Kamasi Washington just released a brand-new movement off his latest EP due out in summer of this year. This new album titled Harmony of Difference contains six suites, one of which is the fourteen-minute-long “Truth,” which explore “the philosophical possibilities of the musical technique known as ‘counterpoint,’” something which Washington considers “the art of balancing similarity and difference to create harmony between separate melodies.”In addition to the release of “Truth,” Washington has also debuted a short film to accompany the fourteen-minute-long movement, which was directed by A.J. Rojas. The video is visually stunning, juxtaposing glimpses of life across Los Angeles perfectly to the transcendent jazz tune and further translating Washington’s ideas about counterpoint to a different medium. You can listen to “Truth” and watch the short film below.
Speaking at an Institute of Politics (IOP) forum, Time magazine columnist Joe Klein connected the shutdown of the federal government to a toxic political culture created by Baby Boomers.“My generation has reached its sell-by date,” Klein said Wednesday at Harvard Kennedy School. “The way to get past this is for those who are millennials to get past us.”The author of the Bill Clinton-inspired novel “Primary Colors” and a writer for Time’s Swampland blog, Klein, 67, is a fellow at the Joan Shorenstein Center on the Press, Politics and Public Policy. He spent his early career as a writer for Boston’s Real Paper, a counterculture weekly. Decades later, he sees a harmful legacy in Boomer attempts to transform culture and politics in the 1960s and ’70s.Fractured coalitions were united into conservatives and liberals, but the middle was left unrepresented, he said. Gerrymandered redistricting and the 1965 Voting Rights Act gave blacks the power they had been promised after the Civil War, but deprived lawmakers of the ability to respond to districts with broad ideological and social needs. Finally, Boomers bred a media cynicism that now passes as insight, and extremists on both sides of the ideological spectrum have undercut civility in debate.“This is a consequence of my Baby Boom generation,” Klein said. “We came into political consequence by distrusting authority. The reaction to those of us involved in the antiwar and Civil Rights Movement of the 1960s was to use those same confrontational tactics we now see in the Tea Party.”Klein is at work on a book exploring the leadership skills of Afghanistan and Iraq war veterans, a project he called “the greatest joy in my life” in an interview following the forum.“I’m tremendously hopeful about that generation,” he said, “and tremendously disappointed in mine.”At the heart of the stalemate is House Republicans’ demand for concessions on President Obama’s Affordable Care Act in exchange for action on federal spending. Linda J. Bilmes, the Daniel Patrick Moynihan Senior Lecturer in Public Policy, veered away from cultural interpretation and pointed to a badly designed appropriations process as the root of the problem.Federal lawmakers could avoid annual fights by adopting state solutions, such as two-year budgeting, Bilmes said.Instead, “Congress lurches from crisis to crisis,” she said, noting that heading into the shutdown no spending bills had been passed.Maralee Schwartz, a longtime Washington Post political reporter and now supervisor of the Institute of Politics’ Washington summer internship program, moderated the discussion. She covered the 1995 federal shutdown, and recalled how Sen. Robert Dole brokered an agreement with House Speaker Newt Gingrich to reopen the government, even though he was then preparing for his presidential campaign. She wondered who the “grown-ups” would be today.“We don’t seem to be able to figure out how to negotiate,” Schwartz said. “Both sides have to be able to save face.”The IOP had planned to welcome U.S. Secretary of Agriculture Tom Vilsack on Wednesday, but the shutdown forced him to remain in Washington, prompting the institute to organize a panel on the issue, according to Director Trey Grayson ’94.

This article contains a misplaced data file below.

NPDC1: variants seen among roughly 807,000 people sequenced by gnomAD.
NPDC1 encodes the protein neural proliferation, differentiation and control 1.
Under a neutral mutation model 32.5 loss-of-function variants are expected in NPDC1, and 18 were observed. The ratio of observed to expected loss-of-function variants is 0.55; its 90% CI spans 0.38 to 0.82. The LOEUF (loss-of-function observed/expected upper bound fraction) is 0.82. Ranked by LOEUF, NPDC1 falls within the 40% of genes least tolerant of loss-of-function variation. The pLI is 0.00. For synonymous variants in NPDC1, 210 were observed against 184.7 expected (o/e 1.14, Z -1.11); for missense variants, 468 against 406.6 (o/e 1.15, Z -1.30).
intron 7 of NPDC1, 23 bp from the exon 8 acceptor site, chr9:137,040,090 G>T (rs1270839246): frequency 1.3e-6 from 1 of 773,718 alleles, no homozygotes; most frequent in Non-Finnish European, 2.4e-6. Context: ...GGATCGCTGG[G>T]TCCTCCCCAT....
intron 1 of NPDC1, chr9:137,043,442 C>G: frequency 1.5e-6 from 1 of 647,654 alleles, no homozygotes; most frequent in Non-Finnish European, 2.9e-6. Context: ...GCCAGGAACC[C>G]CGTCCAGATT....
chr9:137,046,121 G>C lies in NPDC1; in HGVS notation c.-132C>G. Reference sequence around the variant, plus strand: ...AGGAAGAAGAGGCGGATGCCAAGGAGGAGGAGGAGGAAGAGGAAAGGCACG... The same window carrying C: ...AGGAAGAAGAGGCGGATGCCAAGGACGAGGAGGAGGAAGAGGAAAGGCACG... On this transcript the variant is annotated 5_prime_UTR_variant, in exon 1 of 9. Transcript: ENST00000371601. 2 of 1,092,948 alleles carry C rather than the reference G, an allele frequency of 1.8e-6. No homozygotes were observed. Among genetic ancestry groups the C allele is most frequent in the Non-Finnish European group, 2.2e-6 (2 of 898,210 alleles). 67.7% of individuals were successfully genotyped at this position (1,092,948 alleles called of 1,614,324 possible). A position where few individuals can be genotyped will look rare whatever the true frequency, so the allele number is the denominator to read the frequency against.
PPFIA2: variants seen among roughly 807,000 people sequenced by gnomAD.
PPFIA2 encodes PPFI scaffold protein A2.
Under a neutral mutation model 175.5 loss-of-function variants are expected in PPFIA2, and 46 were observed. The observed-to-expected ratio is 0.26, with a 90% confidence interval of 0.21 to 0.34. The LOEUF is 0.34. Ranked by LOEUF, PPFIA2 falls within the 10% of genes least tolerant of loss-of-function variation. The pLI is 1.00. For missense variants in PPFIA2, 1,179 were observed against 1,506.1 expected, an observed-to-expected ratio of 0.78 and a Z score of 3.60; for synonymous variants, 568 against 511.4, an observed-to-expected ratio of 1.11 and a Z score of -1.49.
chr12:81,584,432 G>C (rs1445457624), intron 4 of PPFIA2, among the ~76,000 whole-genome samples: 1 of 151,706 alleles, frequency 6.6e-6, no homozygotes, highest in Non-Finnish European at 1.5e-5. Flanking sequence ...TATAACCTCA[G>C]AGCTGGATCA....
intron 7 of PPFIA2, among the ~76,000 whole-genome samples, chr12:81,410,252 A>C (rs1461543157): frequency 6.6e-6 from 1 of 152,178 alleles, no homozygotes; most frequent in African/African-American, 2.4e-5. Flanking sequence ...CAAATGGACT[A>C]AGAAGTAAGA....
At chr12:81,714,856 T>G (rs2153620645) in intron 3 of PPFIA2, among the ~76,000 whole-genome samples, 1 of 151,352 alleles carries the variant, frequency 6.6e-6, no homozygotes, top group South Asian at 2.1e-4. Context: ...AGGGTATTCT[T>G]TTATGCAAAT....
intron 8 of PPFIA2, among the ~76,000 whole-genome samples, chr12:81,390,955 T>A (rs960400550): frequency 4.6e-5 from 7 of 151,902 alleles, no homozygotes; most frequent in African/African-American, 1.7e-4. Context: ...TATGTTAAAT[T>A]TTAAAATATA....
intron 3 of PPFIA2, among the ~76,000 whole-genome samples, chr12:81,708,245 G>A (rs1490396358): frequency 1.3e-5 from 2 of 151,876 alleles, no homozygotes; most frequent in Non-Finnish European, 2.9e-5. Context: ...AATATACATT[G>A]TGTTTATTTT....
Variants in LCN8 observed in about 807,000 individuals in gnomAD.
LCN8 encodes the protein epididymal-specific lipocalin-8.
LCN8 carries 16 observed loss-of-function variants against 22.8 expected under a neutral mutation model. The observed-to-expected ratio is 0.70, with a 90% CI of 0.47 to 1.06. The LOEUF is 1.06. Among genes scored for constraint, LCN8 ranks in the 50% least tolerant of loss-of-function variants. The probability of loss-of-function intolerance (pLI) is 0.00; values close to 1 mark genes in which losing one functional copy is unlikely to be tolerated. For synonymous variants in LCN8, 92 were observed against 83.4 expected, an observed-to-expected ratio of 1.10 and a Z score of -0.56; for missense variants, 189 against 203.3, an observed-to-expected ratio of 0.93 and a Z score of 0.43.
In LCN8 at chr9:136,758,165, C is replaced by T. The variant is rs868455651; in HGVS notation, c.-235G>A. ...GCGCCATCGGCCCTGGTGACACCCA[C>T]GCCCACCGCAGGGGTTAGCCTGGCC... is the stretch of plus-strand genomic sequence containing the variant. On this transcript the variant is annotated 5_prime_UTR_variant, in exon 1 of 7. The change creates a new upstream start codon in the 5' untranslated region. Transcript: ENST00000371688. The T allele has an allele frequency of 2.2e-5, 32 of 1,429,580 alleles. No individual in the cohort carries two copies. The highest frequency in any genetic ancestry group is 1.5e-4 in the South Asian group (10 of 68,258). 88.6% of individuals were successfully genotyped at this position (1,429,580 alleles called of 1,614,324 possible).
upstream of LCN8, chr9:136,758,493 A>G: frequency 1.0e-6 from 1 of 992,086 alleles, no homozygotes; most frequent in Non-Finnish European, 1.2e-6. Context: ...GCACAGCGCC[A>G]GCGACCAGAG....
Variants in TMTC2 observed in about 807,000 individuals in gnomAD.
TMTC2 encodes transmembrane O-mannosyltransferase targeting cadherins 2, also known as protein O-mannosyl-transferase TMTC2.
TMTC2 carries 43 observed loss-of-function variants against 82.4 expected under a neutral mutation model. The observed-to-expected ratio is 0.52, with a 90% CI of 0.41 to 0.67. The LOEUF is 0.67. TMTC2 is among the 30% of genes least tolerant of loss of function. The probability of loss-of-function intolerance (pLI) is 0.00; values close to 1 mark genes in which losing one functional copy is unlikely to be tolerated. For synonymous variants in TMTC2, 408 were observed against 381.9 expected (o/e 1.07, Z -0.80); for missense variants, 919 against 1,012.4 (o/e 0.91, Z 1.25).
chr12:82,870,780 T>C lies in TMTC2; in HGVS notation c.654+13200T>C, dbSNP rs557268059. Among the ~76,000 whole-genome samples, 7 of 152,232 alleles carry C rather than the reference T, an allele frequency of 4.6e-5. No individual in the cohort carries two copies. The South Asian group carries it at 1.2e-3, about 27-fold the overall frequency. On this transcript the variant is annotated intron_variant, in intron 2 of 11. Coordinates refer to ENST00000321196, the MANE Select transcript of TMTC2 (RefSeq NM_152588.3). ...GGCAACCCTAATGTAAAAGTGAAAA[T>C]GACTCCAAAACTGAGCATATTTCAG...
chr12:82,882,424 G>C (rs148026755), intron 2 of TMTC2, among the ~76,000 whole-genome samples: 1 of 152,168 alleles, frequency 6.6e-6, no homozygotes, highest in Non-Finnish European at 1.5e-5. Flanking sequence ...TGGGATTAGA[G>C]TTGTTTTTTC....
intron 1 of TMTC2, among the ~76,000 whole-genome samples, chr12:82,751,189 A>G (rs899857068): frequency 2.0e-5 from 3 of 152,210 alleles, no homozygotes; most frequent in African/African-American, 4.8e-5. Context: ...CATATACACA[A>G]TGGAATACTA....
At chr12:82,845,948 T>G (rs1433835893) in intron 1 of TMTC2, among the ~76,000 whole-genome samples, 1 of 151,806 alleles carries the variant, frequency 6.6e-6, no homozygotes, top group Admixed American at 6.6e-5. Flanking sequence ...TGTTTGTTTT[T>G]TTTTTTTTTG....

The CDP’s ‘Global Forests 2014’ report, backed by pension investors including the Environment Agency Pension Fund, Sweden’s KPA, Finland’s Keva and the Netherlands’ APG, urged companies to address commodity-linked deforestation, which often forms part of a company’s work with soy beans, palm oil, biofuels and cattle products.The report found that only half of manufacturers and retailers using soy had specific policies in place to monitor the risks associated with deforestation, compared with all of the producers approached and active in the soy market.The discrepancy was significantly lower in the timber and biofuel industries, whereas cattle products and palm oil had around 20 percentage points’ difference between manufacturers and producers.Norway’s Storebrand excluded more than 20 companies from its investment universe earlier this year, including 11 involved in the palm oil industry.Its move followed the Government Pension Fund Global’s divestment from Wilmar International that was used to raise questions as to whether several large Dutch funds should remain invested in the company.A group of investors last year called on companies to ensure palm oil production did not lead to deforestation.The report comes shortly after the CDP released a report on water management that urged pension funds to be “proactive” over the management of water risks.,WebsitesWe are not responsible for the content of external sitesLink to CDP’s 2014 Global Forests report Pension investors should pay greater attention to the risks of deforestation and encourage companies to look at the associated business risks, as a new report showed inconsistent disclosure policies across timber, palm oil and biofuel supply chains.Paul Simpson, chief executive at the CDP, the NGO behind the report, said some investors were beginning to see the risks posed by deforestation, and cited last year’s divestment by Norway’s Storebrand from certain palm oil companies as an example.Freddie Woolfe, associate director of corporate engagement at Hermes Investment Management, added that forests should be viewed as important in capturing excess carbon emissions and ensuring water risks are kept low.“For a heavily diversified universal asset owner such as a pension fund, which is focused on long-term wealth creation, destruction of such a valuable ecosystem with no comparable alternative makes no sense,” he said.